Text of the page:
In the area of energy, Roxas aims to move away from coal energy and invest in renewable, green energy that he said will create more job opportunities.

He also plans to require all 5,300 city buses that run on diesel to switch to the more environmentally-friendly compressed natural gas (CNG). 

To solve the metro’s worsening traffic problem, Roxas wants to terminate bus franchises and have only one bus carrier assigned per route, to avoid too many buses competing for passengers and taking up crowded road space.

He also said that the Philippines needs to invest more in infrastructure to keep up with the demands of a growing population and growing economy. One of his proposals is for the 2,000-hectare Clark International Airport to be the main gateway to the Philippines, instead of the smaller, 440-hectare Ninoy Aquino International Airport in Pasay City.

But to make this feasible, Roxas said there should be a high-speed rail connecting Clark airport to Metro Manila, which can ferry passengers within 35 minutes.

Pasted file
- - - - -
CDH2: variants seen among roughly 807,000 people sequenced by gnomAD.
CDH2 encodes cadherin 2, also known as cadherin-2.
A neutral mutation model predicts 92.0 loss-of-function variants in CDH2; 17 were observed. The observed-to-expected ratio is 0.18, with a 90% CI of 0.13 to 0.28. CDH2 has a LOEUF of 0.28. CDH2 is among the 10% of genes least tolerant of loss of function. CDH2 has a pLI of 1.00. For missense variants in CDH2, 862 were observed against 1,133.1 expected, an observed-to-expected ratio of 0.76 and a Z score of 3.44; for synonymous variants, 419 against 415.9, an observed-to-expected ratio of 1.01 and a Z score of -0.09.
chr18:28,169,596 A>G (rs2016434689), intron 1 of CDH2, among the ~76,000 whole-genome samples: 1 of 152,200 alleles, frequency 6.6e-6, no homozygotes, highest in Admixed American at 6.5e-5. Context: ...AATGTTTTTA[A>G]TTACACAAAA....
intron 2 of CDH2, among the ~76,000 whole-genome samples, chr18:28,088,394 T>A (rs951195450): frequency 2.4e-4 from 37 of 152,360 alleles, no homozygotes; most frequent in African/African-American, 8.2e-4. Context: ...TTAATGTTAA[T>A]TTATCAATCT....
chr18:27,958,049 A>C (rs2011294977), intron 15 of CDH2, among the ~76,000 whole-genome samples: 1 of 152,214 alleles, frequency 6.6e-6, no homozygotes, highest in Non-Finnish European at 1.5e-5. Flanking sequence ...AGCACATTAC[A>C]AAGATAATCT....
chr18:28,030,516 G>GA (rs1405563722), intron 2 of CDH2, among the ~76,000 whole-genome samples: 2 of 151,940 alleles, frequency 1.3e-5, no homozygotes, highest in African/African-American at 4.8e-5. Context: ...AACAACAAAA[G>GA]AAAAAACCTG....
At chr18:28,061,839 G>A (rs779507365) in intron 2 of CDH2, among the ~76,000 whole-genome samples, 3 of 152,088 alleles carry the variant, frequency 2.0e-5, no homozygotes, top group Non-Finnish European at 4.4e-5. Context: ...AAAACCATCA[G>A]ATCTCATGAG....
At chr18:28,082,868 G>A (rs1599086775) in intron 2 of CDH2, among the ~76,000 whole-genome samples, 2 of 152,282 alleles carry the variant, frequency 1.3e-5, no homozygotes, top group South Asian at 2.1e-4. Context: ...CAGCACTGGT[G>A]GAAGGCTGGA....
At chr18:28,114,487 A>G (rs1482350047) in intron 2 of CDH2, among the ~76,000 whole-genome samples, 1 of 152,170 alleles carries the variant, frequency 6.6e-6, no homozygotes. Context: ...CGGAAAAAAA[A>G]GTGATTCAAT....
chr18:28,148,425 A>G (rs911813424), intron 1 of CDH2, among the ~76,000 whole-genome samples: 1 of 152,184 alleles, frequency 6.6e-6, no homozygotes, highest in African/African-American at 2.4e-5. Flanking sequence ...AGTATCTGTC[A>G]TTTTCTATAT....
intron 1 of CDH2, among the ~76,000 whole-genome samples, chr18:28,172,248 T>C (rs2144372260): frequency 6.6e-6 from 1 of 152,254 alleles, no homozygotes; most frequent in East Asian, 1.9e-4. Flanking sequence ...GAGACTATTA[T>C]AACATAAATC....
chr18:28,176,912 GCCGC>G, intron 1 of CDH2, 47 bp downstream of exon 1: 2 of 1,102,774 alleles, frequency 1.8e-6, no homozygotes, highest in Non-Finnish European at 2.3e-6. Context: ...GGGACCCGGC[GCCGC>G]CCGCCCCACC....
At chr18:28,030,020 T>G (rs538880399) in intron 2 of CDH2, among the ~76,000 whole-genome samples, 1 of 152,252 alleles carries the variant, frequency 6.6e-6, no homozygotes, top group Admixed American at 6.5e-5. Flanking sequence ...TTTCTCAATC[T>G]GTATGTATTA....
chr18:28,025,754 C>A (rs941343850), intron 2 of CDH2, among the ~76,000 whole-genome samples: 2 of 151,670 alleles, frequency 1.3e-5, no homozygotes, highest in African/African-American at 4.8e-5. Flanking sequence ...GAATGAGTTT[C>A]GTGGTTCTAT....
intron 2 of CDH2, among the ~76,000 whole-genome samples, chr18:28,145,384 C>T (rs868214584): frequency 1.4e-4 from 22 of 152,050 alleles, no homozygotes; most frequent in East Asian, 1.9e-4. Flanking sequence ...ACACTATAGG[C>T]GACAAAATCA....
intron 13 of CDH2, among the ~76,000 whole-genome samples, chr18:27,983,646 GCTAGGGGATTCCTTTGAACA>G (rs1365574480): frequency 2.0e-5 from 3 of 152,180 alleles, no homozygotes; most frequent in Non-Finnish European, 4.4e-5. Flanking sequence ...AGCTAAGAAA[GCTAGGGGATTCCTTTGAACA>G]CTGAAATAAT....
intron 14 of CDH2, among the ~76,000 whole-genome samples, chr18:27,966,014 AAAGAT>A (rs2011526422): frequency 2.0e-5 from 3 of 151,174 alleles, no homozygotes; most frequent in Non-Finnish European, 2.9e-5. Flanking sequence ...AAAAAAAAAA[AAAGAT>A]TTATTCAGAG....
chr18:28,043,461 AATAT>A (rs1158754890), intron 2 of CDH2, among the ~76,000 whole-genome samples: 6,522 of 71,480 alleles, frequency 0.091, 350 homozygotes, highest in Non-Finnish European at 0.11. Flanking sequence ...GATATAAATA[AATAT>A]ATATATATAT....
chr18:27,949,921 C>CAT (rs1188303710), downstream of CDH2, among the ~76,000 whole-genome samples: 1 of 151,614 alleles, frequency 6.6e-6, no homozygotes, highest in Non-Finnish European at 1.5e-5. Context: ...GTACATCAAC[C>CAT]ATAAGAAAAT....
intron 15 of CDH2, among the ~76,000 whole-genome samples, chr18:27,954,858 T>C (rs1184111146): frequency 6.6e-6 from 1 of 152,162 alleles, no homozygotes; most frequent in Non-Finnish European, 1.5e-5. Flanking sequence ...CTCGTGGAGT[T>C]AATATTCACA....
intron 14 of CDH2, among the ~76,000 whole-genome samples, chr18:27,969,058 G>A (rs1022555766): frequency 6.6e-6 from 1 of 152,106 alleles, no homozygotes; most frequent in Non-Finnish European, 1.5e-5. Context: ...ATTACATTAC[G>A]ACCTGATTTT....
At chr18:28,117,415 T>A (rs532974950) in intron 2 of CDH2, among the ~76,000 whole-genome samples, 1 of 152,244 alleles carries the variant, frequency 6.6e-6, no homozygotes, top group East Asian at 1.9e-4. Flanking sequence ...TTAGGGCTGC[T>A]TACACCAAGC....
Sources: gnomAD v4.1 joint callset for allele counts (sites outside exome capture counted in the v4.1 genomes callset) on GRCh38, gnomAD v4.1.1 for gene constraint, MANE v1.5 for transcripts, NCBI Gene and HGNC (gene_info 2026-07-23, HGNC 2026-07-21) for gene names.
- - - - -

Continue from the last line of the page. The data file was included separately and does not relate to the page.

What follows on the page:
In a chance interview with reporters after the forum, Roxas said he was moved by the warm reception of the business community to his proposals.

Na-touch ako sa magandang reception sa akin dito dahil hindi naman sa lahat ng bagay, nagkaunawaan kami. May mga kilos ako, may mga desisyon ako, may mga isinulong akong batas na kontra sa interes ng mga miyembro ng Makati Business Club,” he said.

(I was touched by their warm reception because I have made some decisions, moves, and pushed legislation that were against the interests of some members of the Makati Business Club.)

“Pero pinaliwanag ko naman na ang aking mga ginawa ay para sa national interest at hindi dahil personal, kontra sa kahit sinong kompanya (But I explained that what I did was for the national interest, not against any specific company),” Roxas added.


The administration candidate’s forum with the MBC comes two weeks after his rival, survey front runner Senator Grace Poe, faced the business group to talk about her economic vision for the Philippines.